Why HR needs to own the technology conversation
In my experience, when you talk to employees about what makes or breaks their positive experience at work, quite often it’s the blockers to them being productive that are often discussed. Having the right tools to do the job, the ability to communicate effectively with others and having a the ability to feedback easily to senior management are top of the list.
Entwined in this are technology enablers. This is a key point for HR. The technology that makes your employees productive (or not!) at work has a large effect on the Employee Experience. So, who owns all this technology when it is so critical to engagement and motivation? Too often this is a decision made without HR involvement which is worrying when it is so important to the positive employee experience.
My recent conversations with HR and business leaders have enabled me to draw a couple of conclusions:
1) Technology doesn’t itself engage people: However, the right technology can enable and accelerate better engagement on the foundations of an established positive workplace culture.
2) The technology landscape that has the potential to disengage is bigger than we often think about in the HR function.
Following some research around these two points, at Tap’d, we have created a model that hopefully will assist HR leaders in dissecting and evaluating the technologies that surround them to assess its suitability for their people. We have called this the HR Tech Ecosystem…
The HR Tech Ecosystem
Within the HR Tech Ecosystem we identified 3 groups of “stakeholders”:
1) The employees
2) HR and line managers
3) Senior leaders
Obviously, groups 2 and 3 are also employees so there will always be overlap. However, the three sets of stakeholders require different outputs from the technology that creates the people experience.
We then identified 4 groupings of technology that have an impact on the people experience within the organisation and therefore are key to employee engagement. This is illustrated below with some explanation:
1) HR Software: This is the majority of the “traditional” HR legacy software from the core HR system to payroll, benefits, recruitment, time and attendance systems etc. Depending on your size of organisation and HR maturity, these systems will probably be in place (even if it might just be an Excel spreadsheet at the moment!).
2) Productivity Tools: This is an interesting area and traditionally has been within the remit of the IT function. For example, the e-mail system and server storage. However, there are a number of key technologies that support much better collaboration that enhance productivity, promote teamwork and create better engagement. These include:
– Personal effectiveness tools such as Trello
– Collaboration and project tools such as Slack, Basecamp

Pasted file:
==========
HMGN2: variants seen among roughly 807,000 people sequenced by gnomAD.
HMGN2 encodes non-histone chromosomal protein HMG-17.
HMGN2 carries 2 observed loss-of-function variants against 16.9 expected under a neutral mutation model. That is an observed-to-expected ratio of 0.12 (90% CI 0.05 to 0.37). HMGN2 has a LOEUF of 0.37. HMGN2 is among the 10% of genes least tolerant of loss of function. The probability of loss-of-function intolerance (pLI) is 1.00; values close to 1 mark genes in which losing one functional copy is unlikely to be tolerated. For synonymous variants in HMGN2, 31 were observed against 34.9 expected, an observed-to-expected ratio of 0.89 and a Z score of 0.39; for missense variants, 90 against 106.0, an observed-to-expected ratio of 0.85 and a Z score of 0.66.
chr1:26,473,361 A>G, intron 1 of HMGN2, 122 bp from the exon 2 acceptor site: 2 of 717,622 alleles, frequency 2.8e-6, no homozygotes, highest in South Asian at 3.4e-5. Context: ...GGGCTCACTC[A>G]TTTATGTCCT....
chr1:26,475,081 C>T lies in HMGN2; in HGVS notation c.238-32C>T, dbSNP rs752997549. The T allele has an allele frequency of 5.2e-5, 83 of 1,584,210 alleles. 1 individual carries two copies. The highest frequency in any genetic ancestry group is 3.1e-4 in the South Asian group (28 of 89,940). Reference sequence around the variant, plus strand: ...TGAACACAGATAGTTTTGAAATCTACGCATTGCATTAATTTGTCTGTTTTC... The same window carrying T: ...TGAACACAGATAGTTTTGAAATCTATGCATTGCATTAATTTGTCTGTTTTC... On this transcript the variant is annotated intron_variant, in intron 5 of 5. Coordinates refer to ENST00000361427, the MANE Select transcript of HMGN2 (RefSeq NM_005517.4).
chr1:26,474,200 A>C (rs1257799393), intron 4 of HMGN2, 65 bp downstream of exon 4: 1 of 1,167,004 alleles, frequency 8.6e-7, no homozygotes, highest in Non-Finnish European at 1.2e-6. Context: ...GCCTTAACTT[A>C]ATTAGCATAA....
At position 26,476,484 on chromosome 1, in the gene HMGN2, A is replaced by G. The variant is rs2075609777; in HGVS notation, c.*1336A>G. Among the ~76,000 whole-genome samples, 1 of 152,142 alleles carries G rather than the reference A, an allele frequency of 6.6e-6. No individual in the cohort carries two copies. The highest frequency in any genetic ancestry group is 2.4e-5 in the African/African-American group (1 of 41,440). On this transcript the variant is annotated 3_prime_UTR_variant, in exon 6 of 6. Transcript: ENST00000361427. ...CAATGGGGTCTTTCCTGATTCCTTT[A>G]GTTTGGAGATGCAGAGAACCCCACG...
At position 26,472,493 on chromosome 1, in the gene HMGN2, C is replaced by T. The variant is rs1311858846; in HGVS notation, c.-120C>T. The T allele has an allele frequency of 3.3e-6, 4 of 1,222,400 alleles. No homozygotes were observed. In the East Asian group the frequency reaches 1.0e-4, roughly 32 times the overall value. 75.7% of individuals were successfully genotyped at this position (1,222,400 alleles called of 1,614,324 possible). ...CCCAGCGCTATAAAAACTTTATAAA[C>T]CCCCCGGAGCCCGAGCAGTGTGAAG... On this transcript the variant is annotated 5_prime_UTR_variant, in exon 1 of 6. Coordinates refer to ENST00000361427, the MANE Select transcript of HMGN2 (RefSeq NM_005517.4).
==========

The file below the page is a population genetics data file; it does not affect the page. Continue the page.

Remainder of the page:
– Bulk information sharing such as Box, Wetransfer
– Integrated applications and connectivity such as Google Apps
3) Engagement Tools: This is a broad category that sits between all stakeholders as these are the conduit for employees and HR/line managers to interact for the betterment of the individual and the organisation:
– Feedback tools: peer to peer recognition, census survey and continuous listening
– Personal Development tools: Self coaching, web-based learning, chatrooms, performance management
– Gamification: creating badges, achievement mechanisms for personal growth and achievement
4) Insight Enablers: The category contains the predictive analytics that can obtain insight from the data of all the other technologies and others within the organisation. The ability to process at speed a number of difference sources of data and compare and contract to identify patterns within your organisation that can result in added-value when acted upon. In the context of employee engagement, patterns of high retention, talent identification and development etc can be spotted and replicated.
With the development and emergence of analytics with NLP (Natural Language Processing) means that you can really start to understand your people in ways impossible only a few years ago.
The “so what?” bit
In our opinion, HR Leaders should be involved in all decisions in all areas of the HR Tech Ecosystem.
HR Leaders can use the HR Tech Ecosystem model to evaluate how their organisations perform in each area.
Furthermore, the two areas of the Productivity and Engagement tools combine together to create the technology that enhances the overall Employee Experience. The Insight Enablers and HR Software solutions are mainly the tools behind the scenes that create the structure for data collection and insight. In our view, too much time is spent reviewing the HR Software only and in isolation at the detriment of those technologies that have more of a direct impact on the motivation and engagement of employees.
Insight Enablers are giving great insight already to HR and business leaders using the data already collected in your organisations through previous surveys, feedback and other data sources. The time is now to step change how simple technology is used in today’s business.
At Tap’d we love having conversations about the topic of the HR Tech Ecosystem and how this fits into your People Journey and HR Maturity. If this article was interesting to you then please contact us now and start the discussion on what you can do to improve the Employee Experience for your people!